356753 Joginder Tuteja

1920 London Music Review



There are good expectations from the music of 1920 London. After all, the franchise has seen some good music, especially in the last outing 1920 - The Evil Returns. With Vikram Bhatt's name associated with the third in the franchise as well, you look forward to some good melodic music with a haunting sound to it. Sharib Sabri is the composer with multiple lyricists coming together to contribute.


Together, Toshi-Sharib had come up with a fantastic chartbuster 'Maahi' in Raaz - The Mystery Continues. Now Sharib comes up with 'Aaj Ro Len De' which has been structured on the same lines. He brings himself up as a composer, singer and lyricist (along with Toshi Sabri and Kalim Shaikh) and spins a pathos filled tale in this song that follows the template of haunting numbers that are heard in Bhatt films.

Azeem Shirazi is roped in as the lyricist for 'Rootha Kyun' which starts with the sound of a piano, something that is the hallmark of music that is heard in Vikram Bhatt films. Mohit Chauhan is the singer and his class is apparent all over again in this number that has Sharib and Toshi chipping in as well. It is in fact an even better song than 'Aaj Ro Len De' and one wonders why it hadn't appeared first in the album. Newcomer Payal Dev is the female voice for the song and her icy cold rendition is just apt for the kind of stage and setting that the song boasts of. This one deserves to be heard.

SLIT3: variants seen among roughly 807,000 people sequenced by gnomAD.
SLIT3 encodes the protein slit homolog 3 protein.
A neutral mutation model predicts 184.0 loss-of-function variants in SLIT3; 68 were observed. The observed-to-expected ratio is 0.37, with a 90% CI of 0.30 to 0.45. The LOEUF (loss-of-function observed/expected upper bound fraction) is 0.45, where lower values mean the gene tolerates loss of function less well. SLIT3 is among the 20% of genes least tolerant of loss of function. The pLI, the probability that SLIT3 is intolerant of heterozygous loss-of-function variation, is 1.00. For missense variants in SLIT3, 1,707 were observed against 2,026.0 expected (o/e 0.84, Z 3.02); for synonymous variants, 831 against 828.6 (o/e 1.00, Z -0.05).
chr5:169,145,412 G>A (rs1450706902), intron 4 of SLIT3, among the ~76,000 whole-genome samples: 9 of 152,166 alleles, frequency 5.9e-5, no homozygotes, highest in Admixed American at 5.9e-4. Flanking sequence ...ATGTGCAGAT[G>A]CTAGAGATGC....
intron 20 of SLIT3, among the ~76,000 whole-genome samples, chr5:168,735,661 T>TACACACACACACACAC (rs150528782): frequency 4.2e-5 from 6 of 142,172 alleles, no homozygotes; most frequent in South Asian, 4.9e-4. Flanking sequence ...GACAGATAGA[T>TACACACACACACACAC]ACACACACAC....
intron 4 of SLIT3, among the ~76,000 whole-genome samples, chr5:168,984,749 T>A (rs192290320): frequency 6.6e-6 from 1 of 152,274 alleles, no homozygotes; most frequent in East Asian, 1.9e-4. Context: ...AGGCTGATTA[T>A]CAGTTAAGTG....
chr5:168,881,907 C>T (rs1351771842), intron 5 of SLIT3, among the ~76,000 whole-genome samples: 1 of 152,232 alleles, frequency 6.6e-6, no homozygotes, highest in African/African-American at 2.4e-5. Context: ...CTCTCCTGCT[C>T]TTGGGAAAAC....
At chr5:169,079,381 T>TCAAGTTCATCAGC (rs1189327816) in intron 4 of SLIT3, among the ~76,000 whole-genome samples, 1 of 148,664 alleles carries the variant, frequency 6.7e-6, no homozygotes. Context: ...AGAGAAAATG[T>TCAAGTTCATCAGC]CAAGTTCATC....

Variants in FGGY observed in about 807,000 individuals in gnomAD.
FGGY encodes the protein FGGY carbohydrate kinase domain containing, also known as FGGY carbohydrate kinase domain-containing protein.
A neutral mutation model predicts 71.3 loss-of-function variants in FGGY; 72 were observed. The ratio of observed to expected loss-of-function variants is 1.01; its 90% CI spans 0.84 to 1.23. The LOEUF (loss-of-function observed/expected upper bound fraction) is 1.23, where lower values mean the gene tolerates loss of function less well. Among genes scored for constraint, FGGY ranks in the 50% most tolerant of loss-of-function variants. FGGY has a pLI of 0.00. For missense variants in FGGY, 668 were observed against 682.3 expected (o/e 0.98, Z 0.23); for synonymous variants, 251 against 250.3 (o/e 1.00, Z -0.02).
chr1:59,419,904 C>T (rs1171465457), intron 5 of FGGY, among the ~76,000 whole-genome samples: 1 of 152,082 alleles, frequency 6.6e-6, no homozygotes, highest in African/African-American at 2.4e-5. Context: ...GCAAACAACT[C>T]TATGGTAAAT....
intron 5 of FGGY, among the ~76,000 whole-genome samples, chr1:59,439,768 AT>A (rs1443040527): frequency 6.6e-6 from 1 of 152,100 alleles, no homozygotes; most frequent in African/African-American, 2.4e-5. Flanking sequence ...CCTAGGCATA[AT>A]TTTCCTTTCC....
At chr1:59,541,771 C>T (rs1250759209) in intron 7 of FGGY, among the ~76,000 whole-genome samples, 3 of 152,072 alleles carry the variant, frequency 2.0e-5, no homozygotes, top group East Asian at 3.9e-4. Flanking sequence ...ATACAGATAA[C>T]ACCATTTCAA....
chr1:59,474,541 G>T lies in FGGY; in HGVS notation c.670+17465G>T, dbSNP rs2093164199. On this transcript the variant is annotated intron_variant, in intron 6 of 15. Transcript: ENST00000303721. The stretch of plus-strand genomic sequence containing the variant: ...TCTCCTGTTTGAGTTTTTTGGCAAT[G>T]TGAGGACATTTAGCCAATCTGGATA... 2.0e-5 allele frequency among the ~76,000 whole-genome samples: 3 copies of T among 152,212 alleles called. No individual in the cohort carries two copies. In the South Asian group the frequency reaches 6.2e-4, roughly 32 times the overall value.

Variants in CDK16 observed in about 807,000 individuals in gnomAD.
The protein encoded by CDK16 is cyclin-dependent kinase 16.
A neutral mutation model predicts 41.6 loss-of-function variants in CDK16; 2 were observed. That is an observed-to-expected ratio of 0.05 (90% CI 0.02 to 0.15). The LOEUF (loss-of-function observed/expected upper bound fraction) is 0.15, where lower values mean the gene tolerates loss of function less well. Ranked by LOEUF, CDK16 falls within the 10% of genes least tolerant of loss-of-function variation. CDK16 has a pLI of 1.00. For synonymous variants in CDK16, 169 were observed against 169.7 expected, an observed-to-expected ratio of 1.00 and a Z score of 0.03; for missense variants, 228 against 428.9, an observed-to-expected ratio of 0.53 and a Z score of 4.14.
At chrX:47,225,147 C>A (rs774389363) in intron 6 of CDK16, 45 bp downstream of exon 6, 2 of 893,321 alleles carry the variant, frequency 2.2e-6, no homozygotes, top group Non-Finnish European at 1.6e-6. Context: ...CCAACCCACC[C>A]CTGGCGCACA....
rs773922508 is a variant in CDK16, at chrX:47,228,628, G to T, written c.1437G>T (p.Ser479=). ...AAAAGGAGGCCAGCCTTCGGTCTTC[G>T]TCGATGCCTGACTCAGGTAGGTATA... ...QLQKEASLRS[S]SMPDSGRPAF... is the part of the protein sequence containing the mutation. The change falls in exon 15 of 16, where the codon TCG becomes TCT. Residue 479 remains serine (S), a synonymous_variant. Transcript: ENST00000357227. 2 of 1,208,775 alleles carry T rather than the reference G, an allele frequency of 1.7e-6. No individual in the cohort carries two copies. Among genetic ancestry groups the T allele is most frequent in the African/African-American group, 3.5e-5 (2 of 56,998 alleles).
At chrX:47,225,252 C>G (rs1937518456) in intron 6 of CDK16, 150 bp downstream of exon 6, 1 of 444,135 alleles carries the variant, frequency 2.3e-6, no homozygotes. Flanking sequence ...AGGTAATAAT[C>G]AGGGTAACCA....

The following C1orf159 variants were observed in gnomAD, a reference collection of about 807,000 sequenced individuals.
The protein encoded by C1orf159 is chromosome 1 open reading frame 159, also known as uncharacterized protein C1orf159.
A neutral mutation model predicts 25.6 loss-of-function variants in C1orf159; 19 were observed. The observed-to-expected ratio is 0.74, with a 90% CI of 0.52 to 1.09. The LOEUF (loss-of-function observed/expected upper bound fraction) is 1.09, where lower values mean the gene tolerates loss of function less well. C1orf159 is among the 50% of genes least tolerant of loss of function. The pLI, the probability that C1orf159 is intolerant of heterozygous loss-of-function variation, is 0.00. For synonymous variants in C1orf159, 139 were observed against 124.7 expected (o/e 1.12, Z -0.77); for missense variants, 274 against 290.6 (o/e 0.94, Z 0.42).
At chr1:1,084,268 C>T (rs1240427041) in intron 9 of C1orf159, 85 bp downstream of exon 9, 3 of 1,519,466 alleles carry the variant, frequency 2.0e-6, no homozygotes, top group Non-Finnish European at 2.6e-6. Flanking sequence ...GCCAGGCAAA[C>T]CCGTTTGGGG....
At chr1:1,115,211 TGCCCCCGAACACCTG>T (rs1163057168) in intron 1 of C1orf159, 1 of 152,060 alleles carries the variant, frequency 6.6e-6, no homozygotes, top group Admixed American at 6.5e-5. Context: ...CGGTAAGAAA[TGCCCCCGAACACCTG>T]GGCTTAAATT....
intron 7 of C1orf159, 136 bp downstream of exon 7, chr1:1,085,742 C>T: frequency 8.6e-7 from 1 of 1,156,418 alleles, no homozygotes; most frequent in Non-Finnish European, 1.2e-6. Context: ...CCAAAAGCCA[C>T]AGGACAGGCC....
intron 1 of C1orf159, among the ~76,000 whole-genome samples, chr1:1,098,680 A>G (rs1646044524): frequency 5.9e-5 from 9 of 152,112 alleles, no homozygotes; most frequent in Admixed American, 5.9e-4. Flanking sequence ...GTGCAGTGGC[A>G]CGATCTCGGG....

Next to arrive is 'Tujhko Mein' which again has the team of Sharib and Azeem coming together. Shaan sings this one and somehow the effect is lost in this four and a half minute piece that lacks energy. Composed as an old school number, even the lovey-dovey feel isn't conveyed to a good extent in this simple sounding number that just fills in the space, but that's about it.

Last to arrive is 'Aafreen' which is put together by guest composers Kaushik-Akash for J.A.M. and lyricist Prashant Ingole. This one concludes the album on a high as it is quintessentially Bollywood and has the right notes in place, courtesy KK and Antara Mitra who get it right as the vocalists behind the mike. Not that this one is going to smash it out of the park but in the context of the film's narrative, it does well.


Music of 1920 London has a good sound to it and delivers a little better than what was expected from it in the first place.


'Rootha Kyun', 'Aaj Ro Len De', 'Aafreen'

1920 London 3.0 Joginder Tuteja 20160425